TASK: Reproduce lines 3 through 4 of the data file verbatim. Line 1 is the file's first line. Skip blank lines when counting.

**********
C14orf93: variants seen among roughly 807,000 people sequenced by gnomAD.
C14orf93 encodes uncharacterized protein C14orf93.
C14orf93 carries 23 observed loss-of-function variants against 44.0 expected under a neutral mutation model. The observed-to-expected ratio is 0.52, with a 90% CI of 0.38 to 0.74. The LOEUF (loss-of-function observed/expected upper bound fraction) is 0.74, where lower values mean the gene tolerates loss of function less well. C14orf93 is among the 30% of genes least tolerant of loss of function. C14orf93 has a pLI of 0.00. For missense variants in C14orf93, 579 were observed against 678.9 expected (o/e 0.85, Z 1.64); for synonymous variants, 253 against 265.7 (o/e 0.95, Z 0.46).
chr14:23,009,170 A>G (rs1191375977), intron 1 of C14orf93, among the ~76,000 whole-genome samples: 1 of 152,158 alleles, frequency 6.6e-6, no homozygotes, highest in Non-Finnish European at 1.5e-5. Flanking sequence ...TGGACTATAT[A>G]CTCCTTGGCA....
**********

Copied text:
C14orf93 carries 23 observed loss-of-function variants against 44.0 expected under a neutral mutation model. The observed-to-expected ratio is 0.52, with a 90% CI of 0.38 to 0.74. The LOEUF (loss-of-function observed/expected upper bound fraction) is 0.74, where lower values mean the gene tolerates loss of function less well. C14orf93 is among the 30% of genes least tolerant of loss of function. C14orf93 has a pLI of 0.00. For missense variants in C14orf93, 579 were observed against 678.9 expected (o/e 0.85, Z 1.64); for synonymous variants, 253 against 265.7 (o/e 0.95, Z 0.46).
chr14:23,009,170 A>G (rs1191375977), intron 1 of C14orf93, among the ~76,000 whole-genome samples: 1 of 152,158 alleles, frequency 6.6e-6, no homozygotes, highest in Non-Finnish European at 1.5e-5. Flanking sequence ...TGGACTATAT[A>G]CTCCTTGGCA....